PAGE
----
Now We Celebrate War

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King Ahab once greeted the prophet Elijah with the title
“the troubler of Israel.” Elijah rightly responded to King
Ahab by calling him “the troubler of Israel”—the one who
had abandoned all the values and deeply held beliefs of the
Jewish people in favor of brute, raw power. We face such a
critical juncture in our own country. We face a time when
people who stand for peace in our own communities are
referred to as “loonies.” A hobby shop owner who does not
believe a mother, who has lost her son in this war, has a
right to speak, tries his level best to silence her criticism of
our government. This man is hailed as a hero.
As another Memorial Day passed, we made the prosecution
of war in this country such an idol that we do not dare
grieve the dead (both American and Iraqi), critique the government,
or call for peace, or we will be marginalized by those
who think this is all some political gambit. Not one word of
critique from the editorial staff of our community newspaper
about war without a cogent reason, torture, secret prisons, private
war contractors, war profiteers, the rape of a teenage girl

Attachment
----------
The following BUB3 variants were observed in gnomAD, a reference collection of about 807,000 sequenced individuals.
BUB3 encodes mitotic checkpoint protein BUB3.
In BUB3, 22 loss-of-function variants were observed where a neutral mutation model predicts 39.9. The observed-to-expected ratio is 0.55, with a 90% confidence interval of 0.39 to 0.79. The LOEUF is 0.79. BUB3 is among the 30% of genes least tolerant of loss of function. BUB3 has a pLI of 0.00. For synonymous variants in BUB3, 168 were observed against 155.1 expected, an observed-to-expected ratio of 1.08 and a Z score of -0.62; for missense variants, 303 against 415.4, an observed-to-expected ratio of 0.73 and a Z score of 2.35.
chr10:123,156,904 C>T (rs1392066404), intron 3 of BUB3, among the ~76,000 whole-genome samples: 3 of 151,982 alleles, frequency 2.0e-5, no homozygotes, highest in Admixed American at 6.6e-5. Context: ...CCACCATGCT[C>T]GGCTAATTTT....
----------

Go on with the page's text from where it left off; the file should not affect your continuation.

and the burning of her family, the killing of civilians, the
planned bombing of an alternative media outlet, the use of
weapons of mass destruction by our own country, and the loss
of basic human rights. Memorial Day used to be a day when
we grieved our war dead and promised that we would never,
ever let the world come to this necessary evil again.
Now we celebrate war. In full military dress our soldiers
show up at our public schools to encourage our children to
enjoy the toys of war. Our teachers openly advocate for
such play. Our school administrators throw up their hands
and say, “I don’t know what we can do.”
Now proponents of peace are roundly mocked. Faith
communities do not dare lift up the word “peace” unless
the word is romanticized and irrelevant.
Iran looms on the horizon and the drumbeat has started.
The only real chance we have is people, enough people
in our communities, who will transcend their political
viewpoints to recognize values that are more deeply held.
“Loonies” or “troublers” though they may be, we need soldiers,
mothers of soldiers, former soldiers, editorialists,
reporters, administrators, teachers, and faith leaders who
care less about being right and winning and more about
walking the hard road of peace.

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